11 July 1943
I never met my grandfather. All I know about him comes from others. With the exception of a kayak he built himself. Hanging from the ceiling and secured with ropes, as if it were out on a journey. And in my dreams I am taken out onto the open sea.
My grandfather paddled between the islands in the north. He paddled across stretches of ocean where the wind comes from several directions to trap the boat between the waves.
He paddled between Tromsø and the island of Helgøy. Holy Island, far to the north on the border of Finnmark. People have lived there since the Stone Age. Sami settlements. A parish dating back to the 13th century. Heritage, Helgøy kings and a German emperor.
World War II. Enemy forces have control over all areas. Checkpoints at all entry and exit fairways. Before the war, people felt that things had picked up again, that better times lay ahead. And then the Germans arrived.
It has happened time and again. Objects that float in the sea and rise to the surface. The Gulf Stream has carried driftwood and other necessities at all times. It has saved families and delighted others by offering treasures like wine or cognac. Scouring the seashore during low tide, gazing out towards the sea … knowing that something will turn up.
The sun was shining that weekend. Sun all day and night. A cold sun. Church weekend. Confirmation. The confirmands were scattered among the homes of local residents, and had to undergo three weeks of courses before the big day. The place was brimming with people from the surrounding islands who wanted to witness the event.
Every single drop had been scrimped and saved, second-rate alcohol bought with rationing stamps in the city. Suddenly there is no more, the demand has been great. Laughter flows easily, it’s been a long time. But some have been thrifty, secretly saving an item found drifting in the sea. A few weekends earlier it had been put to the test at a christening, and everything had gone well. The bash begins on Saturday morning. The young people will be confirmed on Sunday, 11 July. There are rumours about men too drunk to walk up the church steps and being refused to enter by the priest. The sun shines bright. At night, the festivities will continue.
Some have reason to quaff down more than others. Unresolved issues are lying in wait. Some of them know that this will be a weekend to remember. Some have reason to shout it out loud. One man fears for his wife …
Accordion playing and dance. They brought it along, the barrel they had found at sea. They drink its contents and many want to try, both men and women. Children skulk behind the house corners; they should have been in bed, but who cares? The island is a safe place.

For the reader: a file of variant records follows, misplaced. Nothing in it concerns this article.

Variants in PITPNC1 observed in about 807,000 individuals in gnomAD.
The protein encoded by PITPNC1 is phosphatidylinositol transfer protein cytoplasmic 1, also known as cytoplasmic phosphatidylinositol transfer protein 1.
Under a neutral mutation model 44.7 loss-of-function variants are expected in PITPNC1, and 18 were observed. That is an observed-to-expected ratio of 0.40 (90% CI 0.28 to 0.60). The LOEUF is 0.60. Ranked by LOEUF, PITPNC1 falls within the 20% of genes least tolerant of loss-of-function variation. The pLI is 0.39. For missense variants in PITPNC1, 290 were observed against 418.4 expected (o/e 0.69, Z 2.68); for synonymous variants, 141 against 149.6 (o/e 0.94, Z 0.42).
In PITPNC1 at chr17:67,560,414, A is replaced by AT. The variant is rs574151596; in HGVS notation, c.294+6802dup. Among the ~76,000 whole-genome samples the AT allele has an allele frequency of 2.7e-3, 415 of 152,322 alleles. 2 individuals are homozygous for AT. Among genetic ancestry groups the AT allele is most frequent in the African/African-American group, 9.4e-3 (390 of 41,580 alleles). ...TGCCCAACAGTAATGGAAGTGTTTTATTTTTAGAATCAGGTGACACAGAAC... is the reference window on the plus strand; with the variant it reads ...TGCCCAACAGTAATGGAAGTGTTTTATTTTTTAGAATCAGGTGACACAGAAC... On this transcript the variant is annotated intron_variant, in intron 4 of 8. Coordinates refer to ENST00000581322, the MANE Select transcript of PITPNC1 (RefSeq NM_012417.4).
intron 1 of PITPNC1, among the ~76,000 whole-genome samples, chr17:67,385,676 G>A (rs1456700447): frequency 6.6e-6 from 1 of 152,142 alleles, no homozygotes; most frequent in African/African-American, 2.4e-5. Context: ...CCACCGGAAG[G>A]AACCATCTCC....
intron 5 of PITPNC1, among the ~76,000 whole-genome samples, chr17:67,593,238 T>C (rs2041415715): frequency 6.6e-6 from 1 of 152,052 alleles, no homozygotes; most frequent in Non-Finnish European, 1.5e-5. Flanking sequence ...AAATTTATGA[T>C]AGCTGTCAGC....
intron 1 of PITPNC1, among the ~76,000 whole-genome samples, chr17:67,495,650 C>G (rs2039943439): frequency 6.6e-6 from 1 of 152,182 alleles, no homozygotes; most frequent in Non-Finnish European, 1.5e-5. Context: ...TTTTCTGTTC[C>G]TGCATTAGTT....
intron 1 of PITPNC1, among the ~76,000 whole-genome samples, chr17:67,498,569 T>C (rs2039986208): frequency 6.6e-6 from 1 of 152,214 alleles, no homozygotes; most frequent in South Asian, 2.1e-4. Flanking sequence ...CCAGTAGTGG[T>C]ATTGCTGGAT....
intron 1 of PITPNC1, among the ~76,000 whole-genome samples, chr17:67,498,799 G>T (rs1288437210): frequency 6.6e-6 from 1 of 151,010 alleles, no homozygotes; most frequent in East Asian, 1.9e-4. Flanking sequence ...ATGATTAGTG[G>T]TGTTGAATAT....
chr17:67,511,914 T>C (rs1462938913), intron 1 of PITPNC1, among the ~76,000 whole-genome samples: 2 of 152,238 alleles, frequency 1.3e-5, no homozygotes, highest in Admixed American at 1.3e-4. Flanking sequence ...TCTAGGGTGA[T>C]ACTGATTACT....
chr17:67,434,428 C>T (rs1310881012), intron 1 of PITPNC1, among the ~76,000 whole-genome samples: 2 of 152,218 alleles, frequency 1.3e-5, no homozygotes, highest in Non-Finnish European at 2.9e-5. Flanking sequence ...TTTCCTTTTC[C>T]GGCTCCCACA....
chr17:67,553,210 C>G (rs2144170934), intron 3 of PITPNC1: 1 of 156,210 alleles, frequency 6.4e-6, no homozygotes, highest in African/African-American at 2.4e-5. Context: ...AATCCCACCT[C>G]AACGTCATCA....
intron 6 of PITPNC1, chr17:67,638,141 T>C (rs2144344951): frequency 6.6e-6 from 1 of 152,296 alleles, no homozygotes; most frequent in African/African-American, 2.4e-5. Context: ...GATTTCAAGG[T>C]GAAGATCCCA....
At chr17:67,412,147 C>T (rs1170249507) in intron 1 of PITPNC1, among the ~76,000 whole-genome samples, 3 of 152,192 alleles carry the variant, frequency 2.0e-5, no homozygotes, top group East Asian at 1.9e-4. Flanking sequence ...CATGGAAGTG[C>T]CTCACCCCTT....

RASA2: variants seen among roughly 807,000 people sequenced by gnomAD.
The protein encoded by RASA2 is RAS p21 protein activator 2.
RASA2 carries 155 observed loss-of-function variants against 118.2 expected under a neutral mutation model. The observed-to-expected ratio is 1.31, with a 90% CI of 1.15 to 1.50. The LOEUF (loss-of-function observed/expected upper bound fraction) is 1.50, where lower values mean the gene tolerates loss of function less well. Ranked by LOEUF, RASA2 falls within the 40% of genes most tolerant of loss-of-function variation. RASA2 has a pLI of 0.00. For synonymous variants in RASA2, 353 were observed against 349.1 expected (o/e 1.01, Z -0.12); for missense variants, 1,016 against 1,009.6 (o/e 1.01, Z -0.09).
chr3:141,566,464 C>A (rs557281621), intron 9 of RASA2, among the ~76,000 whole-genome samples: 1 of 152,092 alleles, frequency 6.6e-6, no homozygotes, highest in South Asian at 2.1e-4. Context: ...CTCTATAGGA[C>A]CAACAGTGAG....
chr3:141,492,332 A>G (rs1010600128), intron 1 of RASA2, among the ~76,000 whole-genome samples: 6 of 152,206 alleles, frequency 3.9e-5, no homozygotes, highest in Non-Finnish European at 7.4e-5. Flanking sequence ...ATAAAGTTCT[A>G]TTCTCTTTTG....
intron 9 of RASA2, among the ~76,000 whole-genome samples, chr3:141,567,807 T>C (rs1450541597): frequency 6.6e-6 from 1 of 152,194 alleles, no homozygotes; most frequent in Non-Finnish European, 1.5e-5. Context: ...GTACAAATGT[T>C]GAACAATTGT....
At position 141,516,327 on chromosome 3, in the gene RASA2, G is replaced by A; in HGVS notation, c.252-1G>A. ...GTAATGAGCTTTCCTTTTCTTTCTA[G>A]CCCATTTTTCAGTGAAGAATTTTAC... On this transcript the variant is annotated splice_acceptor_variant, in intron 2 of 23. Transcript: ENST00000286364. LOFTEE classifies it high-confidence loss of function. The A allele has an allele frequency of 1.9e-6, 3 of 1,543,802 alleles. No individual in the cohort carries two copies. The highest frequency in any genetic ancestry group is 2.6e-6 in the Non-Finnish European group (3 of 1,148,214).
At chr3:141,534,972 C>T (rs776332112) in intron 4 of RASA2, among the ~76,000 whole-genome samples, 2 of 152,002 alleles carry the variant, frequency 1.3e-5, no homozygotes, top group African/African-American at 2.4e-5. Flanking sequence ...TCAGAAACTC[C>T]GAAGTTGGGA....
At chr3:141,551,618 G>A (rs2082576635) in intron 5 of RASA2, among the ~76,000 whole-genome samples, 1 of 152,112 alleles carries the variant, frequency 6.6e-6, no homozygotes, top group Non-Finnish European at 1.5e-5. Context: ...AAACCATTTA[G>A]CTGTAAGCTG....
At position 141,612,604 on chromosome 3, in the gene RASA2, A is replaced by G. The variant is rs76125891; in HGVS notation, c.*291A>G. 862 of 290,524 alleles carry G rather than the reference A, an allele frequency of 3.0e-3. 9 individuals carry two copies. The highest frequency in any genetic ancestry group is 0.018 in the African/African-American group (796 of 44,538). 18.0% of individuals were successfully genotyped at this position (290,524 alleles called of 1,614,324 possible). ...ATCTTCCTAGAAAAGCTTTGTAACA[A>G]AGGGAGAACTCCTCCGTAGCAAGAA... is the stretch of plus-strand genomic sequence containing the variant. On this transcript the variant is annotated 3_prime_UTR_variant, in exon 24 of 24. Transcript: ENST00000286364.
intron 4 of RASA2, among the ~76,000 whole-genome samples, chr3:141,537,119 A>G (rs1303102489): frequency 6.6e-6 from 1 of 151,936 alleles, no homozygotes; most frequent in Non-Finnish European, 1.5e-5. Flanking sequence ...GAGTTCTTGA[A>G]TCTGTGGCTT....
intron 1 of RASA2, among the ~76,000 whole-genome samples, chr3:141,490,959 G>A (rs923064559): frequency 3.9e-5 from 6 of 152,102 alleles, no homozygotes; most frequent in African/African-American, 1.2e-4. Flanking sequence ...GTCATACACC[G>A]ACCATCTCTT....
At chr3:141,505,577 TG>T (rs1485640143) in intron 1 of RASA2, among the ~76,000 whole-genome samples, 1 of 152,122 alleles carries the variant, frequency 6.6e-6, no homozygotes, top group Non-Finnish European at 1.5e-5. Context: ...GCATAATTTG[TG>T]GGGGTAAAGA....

People lie sick inside homes and on the grass. Two men die on Helgøy. The local police have been contacted and boats have been sent from Tromsø. The boats are being loaded with people that are sick and dying. Three men die on the journey to the city. Two men die on the quay in Tromsø. The hospital is filled to capacity. Rumour has it that a German patrol boat is on its way to the island to pick up the sickest among them. They refused to be transported by the enemy. There are so many rumours …
The funeral takes place on the following weekend in the church on Helgøy. The men are placed in coffins, seven of them in a row. As they have sinned against God, the priest refuses to hold a sermon for the dead. They have done wrong by drinking poison. When a woman stands up in church and takes the priest to task, he relents and officiates the funeral. The dead can be buried in consecrated ground.
My oldest aunt had been installed on Helgøy to help her grandmother. That is how she became an eyewitness. Through the windows she could see people writhing in pain and men being carried down to the pier, only to die. She saw her grandmother’s despair when her sons died right before her eyes. Although she wants to talk, she has been threatened into silence. After 70 years, it is still too early to talk about.
That same year, 1943, a committee was appointed, consisting of representatives from the Norwegian Academy of Science and The Norwegian Chemical Society (NKS). On July 24, the newspaper Nordlys writes:
The most important thing is to find a denaturation process that separates wood spirit from all other alcohol. … Chemists have therefore been assigned the task of adding colouring and fragrance to wood spirits, so it cannot be mistaken for anything else. The issue of adding colour has now been solved, although it is not as simple as one may believe. The other issue of adding fragrance is being worked on, and will certainly be solved by chemists in the near future.
Statoil operates Europe’s largest methanol plant. The plant produces 900,000 tons of methanol per year, meeting 13 per cent of European demand.
In 2012, 25 people die and many become sick from methanol poisoning in the Czech Republic. In 2013, 100 people die and 1,000 are taken sick in Libya. In Cuba, seven people die and 41 get sick, many for life.
They deliver it right to your doorstep, to the homes of alcoholics, to young people in the park. Hard liquor, delivered by “booze-taxi”. No one knows where the booze comes from. My son is named after my grandfather. He has drunk liquor in the park together with his friends. Liquor delivered by Anonymous. He had to be carried home.
Text Hanne Lydia Opøien Figenschou ©
Photos by Kjell Ove Storvik